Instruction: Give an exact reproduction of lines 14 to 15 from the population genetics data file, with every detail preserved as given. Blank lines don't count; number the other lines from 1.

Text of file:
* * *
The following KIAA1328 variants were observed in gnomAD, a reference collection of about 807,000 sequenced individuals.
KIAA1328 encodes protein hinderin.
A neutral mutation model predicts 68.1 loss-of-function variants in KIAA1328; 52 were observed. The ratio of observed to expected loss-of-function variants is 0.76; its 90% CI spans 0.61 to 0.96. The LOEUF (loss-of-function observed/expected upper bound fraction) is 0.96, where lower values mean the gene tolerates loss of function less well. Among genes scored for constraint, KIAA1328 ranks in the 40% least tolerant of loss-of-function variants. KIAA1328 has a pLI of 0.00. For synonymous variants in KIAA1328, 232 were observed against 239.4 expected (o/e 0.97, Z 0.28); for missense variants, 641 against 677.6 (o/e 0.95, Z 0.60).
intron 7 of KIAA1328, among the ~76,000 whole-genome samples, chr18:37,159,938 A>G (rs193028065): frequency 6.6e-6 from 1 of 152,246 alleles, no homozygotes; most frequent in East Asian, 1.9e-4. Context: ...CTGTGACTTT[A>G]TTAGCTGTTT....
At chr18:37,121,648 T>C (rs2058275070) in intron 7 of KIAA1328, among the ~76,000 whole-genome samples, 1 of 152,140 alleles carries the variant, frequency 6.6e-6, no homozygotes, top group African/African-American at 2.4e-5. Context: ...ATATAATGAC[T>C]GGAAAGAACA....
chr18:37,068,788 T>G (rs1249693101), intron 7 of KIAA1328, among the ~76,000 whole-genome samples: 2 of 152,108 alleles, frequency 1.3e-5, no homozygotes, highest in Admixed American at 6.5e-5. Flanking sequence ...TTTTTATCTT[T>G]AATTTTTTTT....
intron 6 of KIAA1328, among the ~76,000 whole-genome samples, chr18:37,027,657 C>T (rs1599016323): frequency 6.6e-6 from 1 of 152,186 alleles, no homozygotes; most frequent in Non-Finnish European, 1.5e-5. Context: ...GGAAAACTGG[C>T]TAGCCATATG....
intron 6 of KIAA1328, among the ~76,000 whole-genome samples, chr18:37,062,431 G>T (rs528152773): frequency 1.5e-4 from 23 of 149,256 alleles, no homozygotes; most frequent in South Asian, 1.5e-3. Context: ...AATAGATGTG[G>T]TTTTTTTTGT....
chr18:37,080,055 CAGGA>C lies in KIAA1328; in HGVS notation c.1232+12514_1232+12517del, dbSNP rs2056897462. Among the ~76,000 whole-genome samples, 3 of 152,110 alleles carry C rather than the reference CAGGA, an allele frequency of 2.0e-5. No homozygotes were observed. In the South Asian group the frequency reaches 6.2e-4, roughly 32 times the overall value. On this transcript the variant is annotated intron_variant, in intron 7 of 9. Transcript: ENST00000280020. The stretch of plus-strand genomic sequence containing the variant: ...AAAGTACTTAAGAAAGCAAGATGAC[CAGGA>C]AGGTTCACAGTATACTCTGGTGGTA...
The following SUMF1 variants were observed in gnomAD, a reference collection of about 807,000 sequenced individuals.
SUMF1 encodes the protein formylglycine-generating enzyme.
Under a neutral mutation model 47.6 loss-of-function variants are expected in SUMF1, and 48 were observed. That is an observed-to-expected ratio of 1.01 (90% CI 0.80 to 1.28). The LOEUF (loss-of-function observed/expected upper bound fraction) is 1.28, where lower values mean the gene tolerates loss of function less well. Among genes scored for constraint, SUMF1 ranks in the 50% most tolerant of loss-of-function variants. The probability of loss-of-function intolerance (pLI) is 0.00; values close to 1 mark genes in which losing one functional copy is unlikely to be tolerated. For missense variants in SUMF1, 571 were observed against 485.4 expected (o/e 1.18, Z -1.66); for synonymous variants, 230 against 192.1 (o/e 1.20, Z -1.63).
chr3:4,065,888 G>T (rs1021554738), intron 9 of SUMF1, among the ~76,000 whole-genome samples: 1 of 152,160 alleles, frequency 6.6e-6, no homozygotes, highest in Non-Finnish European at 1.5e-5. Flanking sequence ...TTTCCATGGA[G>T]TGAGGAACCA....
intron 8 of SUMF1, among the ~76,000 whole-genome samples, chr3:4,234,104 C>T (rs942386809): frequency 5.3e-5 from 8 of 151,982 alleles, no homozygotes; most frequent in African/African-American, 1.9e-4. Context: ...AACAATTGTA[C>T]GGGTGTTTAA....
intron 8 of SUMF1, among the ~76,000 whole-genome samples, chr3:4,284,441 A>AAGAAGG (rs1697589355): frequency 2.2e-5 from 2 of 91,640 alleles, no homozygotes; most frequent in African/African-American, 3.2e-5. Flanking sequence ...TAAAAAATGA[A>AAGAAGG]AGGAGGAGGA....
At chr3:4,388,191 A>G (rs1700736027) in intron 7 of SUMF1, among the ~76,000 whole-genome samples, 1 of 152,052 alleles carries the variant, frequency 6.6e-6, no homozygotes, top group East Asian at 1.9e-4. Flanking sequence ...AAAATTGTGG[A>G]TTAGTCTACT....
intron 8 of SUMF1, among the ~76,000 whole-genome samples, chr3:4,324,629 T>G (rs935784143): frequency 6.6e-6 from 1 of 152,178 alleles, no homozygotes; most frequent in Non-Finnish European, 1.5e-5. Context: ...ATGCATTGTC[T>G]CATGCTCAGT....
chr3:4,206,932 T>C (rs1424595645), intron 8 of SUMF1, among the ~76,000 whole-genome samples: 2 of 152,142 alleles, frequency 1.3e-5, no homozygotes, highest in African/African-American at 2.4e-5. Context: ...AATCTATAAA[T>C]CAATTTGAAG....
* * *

intron 8 of SUMF1, among the ~76,000 whole-genome samples, chr3:4,234,104 C>T (rs942386809): frequency 5.3e-5 from 8 of 151,982 alleles, no homozygotes; most frequent in African/African-American, 1.9e-4. Context: ...AACAATTGTA[C>T]GGGTGTTTAA....
intron 8 of SUMF1, among the ~76,000 whole-genome samples, chr3:4,284,441 A>AAGAAGG (rs1697589355): frequency 2.2e-5 from 2 of 91,640 alleles, no homozygotes; most frequent in African/African-American, 3.2e-5. Flanking sequence ...TAAAAAATGA[A>AAGAAGG]AGGAGGAGGA....